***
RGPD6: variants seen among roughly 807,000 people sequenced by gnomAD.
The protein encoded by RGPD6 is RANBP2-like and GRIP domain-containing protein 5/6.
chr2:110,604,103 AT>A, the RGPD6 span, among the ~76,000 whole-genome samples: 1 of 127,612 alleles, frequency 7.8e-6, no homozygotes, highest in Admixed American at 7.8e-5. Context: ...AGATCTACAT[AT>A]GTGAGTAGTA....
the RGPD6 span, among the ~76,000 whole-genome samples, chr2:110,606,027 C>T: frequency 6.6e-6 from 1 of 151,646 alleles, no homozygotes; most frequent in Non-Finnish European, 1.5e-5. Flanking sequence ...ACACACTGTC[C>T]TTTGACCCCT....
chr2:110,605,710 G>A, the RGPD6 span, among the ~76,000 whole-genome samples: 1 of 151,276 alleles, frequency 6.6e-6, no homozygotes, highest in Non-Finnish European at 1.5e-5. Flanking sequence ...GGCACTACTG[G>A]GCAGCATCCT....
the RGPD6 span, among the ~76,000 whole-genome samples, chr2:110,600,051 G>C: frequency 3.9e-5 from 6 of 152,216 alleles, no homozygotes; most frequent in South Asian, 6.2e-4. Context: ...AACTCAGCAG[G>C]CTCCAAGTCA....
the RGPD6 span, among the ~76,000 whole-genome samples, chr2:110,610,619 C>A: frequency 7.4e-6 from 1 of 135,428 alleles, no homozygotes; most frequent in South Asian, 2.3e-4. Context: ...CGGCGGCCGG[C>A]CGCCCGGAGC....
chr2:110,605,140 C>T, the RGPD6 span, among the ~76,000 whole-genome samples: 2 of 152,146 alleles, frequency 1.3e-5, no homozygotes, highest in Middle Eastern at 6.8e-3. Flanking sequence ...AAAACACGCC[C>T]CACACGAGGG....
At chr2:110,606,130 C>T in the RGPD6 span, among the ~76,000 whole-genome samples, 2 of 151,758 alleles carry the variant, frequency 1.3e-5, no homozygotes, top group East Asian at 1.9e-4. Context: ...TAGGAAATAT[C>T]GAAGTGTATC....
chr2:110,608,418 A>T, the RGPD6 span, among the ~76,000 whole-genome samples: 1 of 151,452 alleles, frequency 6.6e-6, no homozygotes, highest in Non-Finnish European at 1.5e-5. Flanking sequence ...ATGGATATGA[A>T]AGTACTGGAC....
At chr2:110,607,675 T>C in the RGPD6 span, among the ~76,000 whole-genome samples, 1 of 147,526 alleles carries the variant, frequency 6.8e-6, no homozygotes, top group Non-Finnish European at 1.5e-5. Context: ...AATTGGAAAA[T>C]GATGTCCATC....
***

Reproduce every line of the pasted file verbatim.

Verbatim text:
RGPD6: variants seen among roughly 807,000 people sequenced by gnomAD.
The protein encoded by RGPD6 is RANBP2-like and GRIP domain-containing protein 5/6.
chr2:110,604,103 AT>A, the RGPD6 span, among the ~76,000 whole-genome samples: 1 of 127,612 alleles, frequency 7.8e-6, no homozygotes, highest in Admixed American at 7.8e-5. Context: ...AGATCTACAT[AT>A]GTGAGTAGTA....
the RGPD6 span, among the ~76,000 whole-genome samples, chr2:110,606,027 C>T: frequency 6.6e-6 from 1 of 151,646 alleles, no homozygotes; most frequent in Non-Finnish European, 1.5e-5. Flanking sequence ...ACACACTGTC[C>T]TTTGACCCCT....
chr2:110,605,710 G>A, the RGPD6 span, among the ~76,000 whole-genome samples: 1 of 151,276 alleles, frequency 6.6e-6, no homozygotes, highest in Non-Finnish European at 1.5e-5. Flanking sequence ...GGCACTACTG[G>A]GCAGCATCCT....
the RGPD6 span, among the ~76,000 whole-genome samples, chr2:110,600,051 G>C: frequency 3.9e-5 from 6 of 152,216 alleles, no homozygotes; most frequent in South Asian, 6.2e-4. Context: ...AACTCAGCAG[G>C]CTCCAAGTCA....
the RGPD6 span, among the ~76,000 whole-genome samples, chr2:110,610,619 C>A: frequency 7.4e-6 from 1 of 135,428 alleles, no homozygotes; most frequent in South Asian, 2.3e-4. Context: ...CGGCGGCCGG[C>A]CGCCCGGAGC....
chr2:110,605,140 C>T, the RGPD6 span, among the ~76,000 whole-genome samples: 2 of 152,146 alleles, frequency 1.3e-5, no homozygotes, highest in Middle Eastern at 6.8e-3. Flanking sequence ...AAAACACGCC[C>T]CACACGAGGG....
At chr2:110,606,130 C>T in the RGPD6 span, among the ~76,000 whole-genome samples, 2 of 151,758 alleles carry the variant, frequency 1.3e-5, no homozygotes, top group East Asian at 1.9e-4. Context: ...TAGGAAATAT[C>T]GAAGTGTATC....
chr2:110,608,418 A>T, the RGPD6 span, among the ~76,000 whole-genome samples: 1 of 151,452 alleles, frequency 6.6e-6, no homozygotes, highest in Non-Finnish European at 1.5e-5. Flanking sequence ...ATGGATATGA[A>T]AGTACTGGAC....
At chr2:110,607,675 T>C in the RGPD6 span, among the ~76,000 whole-genome samples, 1 of 147,526 alleles carries the variant, frequency 6.8e-6, no homozygotes, top group Non-Finnish European at 1.5e-5. Context: ...AATTGGAAAA[T>C]GATGTCCATC....